Enterprise Data Strategy & AI: Lessons and Insights for Energy Retailers

February 23, 2024

Enterprise Data Strategy & AI: Lessons and Insights for Energy Retailers

Every industry is facing questions about how they will incorporate artificial intelligence into their wider strategy. Energy retailers that are already grappling with an explosion in available data will now find themselves pressed by demand for AI. What will your enterprise data strategy look like in the future?
February 23, 2024

Enterprise Data Strategy & AI: Lessons and Insights for Energy Retailers

February 23, 2024

Gorilla was founded for a simple reason: energy retailers were not utilising their data to the fullest and needed help. Since then, there has been a lot of progress from retailers seeking to expand their data portfolios, but external issues have magnified the challenges facing utilities. The drive towards net zero has accelerated as nations seek to grapple with the looming threat of climate change. Progress has been disrupted by the energy price shocks we have seen over the past few years, with volatility still high. 

This article follows our presence at one of the biggest energy events in Western Europe, E-World in Essen, Germany. The German market has undergone particular stress, with government initiatives to cut back on nuclear coinciding with the cutoff from Russian natural gas following the invasion of Ukraine. At the same time, energy retailers in the country are playing catch up with more advanced markets in the rest of Europe - even now, retailers are struggling to roll out smart meters on a wide enough scale. 

Putting AI implementation on top of all the other challenges that energy CIOs are facing is a lot to ask. How will the new wave of machine learning AIs help CIOs to solve their data issues and deal with the wider problems coming in the energy industry? Is there room for AI to play a major role in your data strategy or wider technology strategy? What do the experts at Gorilla recommend? Let’s find out.

Data is your new key function

The title of this article talks of “data strategy”, but the growing importance of data management means it’s probably more accurate to talk of data as a new business function, equivalent to IT, finance, or marketing. It is quite possible that future business leaders will see data as a cost centre, led by a Chief Data Officer or VP, and considered a key strategic asset. Most businesses are not quite there yet, nor will every industry have the same approach to data, but there is no denying the growing importance of data.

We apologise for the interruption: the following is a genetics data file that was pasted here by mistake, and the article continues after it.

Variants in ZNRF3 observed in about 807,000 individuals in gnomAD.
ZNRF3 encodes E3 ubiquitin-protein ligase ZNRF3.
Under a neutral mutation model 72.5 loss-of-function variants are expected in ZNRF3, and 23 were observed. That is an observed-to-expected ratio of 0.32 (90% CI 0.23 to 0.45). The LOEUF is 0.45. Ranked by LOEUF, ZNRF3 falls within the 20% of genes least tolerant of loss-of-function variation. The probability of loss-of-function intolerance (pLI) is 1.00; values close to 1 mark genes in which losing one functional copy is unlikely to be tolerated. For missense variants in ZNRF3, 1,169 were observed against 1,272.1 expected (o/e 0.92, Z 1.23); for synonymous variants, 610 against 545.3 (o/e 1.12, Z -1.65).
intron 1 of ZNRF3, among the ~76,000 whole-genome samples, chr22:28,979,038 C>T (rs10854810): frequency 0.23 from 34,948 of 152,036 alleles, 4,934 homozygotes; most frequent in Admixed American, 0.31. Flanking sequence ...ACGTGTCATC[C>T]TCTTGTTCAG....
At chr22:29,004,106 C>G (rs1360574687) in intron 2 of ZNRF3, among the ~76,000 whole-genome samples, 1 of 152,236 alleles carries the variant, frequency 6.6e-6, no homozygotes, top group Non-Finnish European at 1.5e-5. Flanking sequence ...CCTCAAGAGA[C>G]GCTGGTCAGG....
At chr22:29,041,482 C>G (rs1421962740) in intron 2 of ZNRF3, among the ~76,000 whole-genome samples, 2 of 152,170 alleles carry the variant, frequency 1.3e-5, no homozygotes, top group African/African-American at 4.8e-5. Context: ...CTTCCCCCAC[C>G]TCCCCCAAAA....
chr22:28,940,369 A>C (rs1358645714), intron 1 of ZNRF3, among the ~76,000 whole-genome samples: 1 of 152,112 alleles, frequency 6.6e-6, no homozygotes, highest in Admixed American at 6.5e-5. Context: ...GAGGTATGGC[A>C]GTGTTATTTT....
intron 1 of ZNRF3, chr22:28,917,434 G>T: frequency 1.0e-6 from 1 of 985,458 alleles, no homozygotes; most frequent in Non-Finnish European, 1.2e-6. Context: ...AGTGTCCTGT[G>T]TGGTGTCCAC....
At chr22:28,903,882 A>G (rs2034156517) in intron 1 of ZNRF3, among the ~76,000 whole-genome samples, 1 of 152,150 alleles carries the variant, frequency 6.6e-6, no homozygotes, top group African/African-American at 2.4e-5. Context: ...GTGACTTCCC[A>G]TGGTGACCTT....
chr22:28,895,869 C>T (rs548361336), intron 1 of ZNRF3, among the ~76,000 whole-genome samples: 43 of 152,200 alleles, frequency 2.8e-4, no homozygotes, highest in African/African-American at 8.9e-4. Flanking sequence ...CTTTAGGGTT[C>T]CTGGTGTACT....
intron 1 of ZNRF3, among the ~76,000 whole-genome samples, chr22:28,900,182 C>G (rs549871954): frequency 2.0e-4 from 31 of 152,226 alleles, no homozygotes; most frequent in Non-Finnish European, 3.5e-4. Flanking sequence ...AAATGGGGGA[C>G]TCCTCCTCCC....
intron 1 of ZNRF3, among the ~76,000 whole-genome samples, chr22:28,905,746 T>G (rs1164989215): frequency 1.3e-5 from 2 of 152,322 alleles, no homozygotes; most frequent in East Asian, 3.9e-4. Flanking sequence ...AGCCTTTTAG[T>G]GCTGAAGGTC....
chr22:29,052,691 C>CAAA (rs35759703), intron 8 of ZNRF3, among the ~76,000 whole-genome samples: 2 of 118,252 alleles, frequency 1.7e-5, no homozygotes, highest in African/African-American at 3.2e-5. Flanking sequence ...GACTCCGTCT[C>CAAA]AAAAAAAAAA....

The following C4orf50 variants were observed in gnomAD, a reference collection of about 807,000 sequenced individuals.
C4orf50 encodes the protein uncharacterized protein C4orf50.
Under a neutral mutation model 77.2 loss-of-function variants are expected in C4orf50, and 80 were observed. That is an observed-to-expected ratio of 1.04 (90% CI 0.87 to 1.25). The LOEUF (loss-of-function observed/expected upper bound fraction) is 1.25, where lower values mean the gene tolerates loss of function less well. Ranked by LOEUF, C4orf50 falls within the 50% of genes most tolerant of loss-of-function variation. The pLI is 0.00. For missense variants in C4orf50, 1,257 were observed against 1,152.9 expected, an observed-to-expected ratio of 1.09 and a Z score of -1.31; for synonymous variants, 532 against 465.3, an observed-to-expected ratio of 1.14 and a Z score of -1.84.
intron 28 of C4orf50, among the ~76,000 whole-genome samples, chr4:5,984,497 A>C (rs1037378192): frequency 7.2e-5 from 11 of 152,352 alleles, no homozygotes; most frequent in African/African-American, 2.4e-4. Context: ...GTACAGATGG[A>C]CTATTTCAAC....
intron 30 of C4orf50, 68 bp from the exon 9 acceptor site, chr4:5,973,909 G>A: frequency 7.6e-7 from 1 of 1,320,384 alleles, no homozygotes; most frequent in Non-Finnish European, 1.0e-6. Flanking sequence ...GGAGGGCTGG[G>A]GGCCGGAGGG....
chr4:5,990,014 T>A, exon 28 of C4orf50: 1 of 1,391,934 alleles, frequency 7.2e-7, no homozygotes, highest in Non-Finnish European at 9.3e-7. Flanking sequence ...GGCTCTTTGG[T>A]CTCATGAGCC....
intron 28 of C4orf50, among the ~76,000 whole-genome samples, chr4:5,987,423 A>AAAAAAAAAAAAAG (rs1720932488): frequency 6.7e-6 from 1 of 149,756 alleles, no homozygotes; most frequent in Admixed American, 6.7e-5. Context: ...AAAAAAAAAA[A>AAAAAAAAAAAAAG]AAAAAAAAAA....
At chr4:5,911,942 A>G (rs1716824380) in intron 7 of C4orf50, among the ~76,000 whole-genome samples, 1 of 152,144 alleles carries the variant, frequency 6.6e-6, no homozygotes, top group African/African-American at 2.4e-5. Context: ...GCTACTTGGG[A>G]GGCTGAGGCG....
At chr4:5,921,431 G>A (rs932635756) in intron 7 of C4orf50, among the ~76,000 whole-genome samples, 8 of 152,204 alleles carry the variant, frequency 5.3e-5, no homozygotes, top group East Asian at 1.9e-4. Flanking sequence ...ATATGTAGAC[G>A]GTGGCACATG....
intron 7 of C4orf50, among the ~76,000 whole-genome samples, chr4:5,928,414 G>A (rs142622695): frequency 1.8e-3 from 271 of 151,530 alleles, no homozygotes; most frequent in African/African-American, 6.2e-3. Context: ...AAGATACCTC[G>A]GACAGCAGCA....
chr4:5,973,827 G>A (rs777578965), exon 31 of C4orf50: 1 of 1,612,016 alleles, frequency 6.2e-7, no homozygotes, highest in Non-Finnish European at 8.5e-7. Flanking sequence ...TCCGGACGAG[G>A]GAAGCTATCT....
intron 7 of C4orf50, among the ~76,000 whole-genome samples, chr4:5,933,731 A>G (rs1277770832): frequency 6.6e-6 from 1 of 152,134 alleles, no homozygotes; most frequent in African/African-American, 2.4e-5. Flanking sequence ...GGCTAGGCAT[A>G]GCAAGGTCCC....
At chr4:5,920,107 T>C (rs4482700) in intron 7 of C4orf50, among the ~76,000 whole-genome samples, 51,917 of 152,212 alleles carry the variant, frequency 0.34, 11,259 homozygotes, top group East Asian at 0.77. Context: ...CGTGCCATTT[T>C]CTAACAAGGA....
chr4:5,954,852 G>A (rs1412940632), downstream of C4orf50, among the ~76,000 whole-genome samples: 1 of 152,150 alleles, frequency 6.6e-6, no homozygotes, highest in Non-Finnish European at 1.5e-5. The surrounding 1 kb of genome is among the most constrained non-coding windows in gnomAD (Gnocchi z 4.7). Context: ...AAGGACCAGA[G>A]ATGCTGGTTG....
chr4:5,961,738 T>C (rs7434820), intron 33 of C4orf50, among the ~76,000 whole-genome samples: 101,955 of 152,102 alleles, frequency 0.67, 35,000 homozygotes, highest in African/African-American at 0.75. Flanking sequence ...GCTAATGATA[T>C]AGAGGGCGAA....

The biggest problem facing this potential function? Lack of expertise. People very rarely specialise in data, and those that do often purely from a technical perspective. Management of data has always simply been a subtask for CIOs and other IT leaders, not an area demanding years of specialist experience. Trying to manage a rapidly changing area without having that base of knowledge will strain many.

The growth in data for energy retailers has not followed other industries, where the internet was the biggest driving force. Instead, liberalisation and advances in technology have gone hand in hand. When energy production, distribution, transmission, and retail were all under one entity, the tasks facing utilities were smaller, despite the additional responsibilities. As each part has been split up, complexity has increased, and the number of potential data points has grown exponentially. What was manageable with legacy technologies even 10 years ago is now far beyond the capabilities of undeveloped IT portfolios. Companies are going to be forced to make changes whether they like it or not.

Orchestration of all of so many activities would be resource intensive for any industry, but energy faces the unique challenge of needing to do it in real time, placing huge strain on your data processing capabilities. Automation of everyday activities will be essential to deliver results, requiring a large change to approaches that have traditionally been highly manual and reliant on highly skilled human input.

This puts energy CIOs in a difficult position. Even in energy markets that are less mature, leaders will be well aware of how important data is going to be. At the same time, few in energy will know the best approaches for managing data or planning for the long term, and there is not a large supply of external hires. Into this mix comes the new interest in AI. Could AI be a lifeline for companies that don’t know how to handle their data? Or will it prove to be one more complication?

The AI Opportunity

Every CIO will have their own projects they are keen to advance, but the upheaval described above provides the opportunity for other stakeholders to advance AI as the new solution to all the company’s problems. Even those CIOs skeptical about the short or medium term benefits of AI will need to have a strong case for why any major changes to their technology portfolio should not plan to incorporate AI.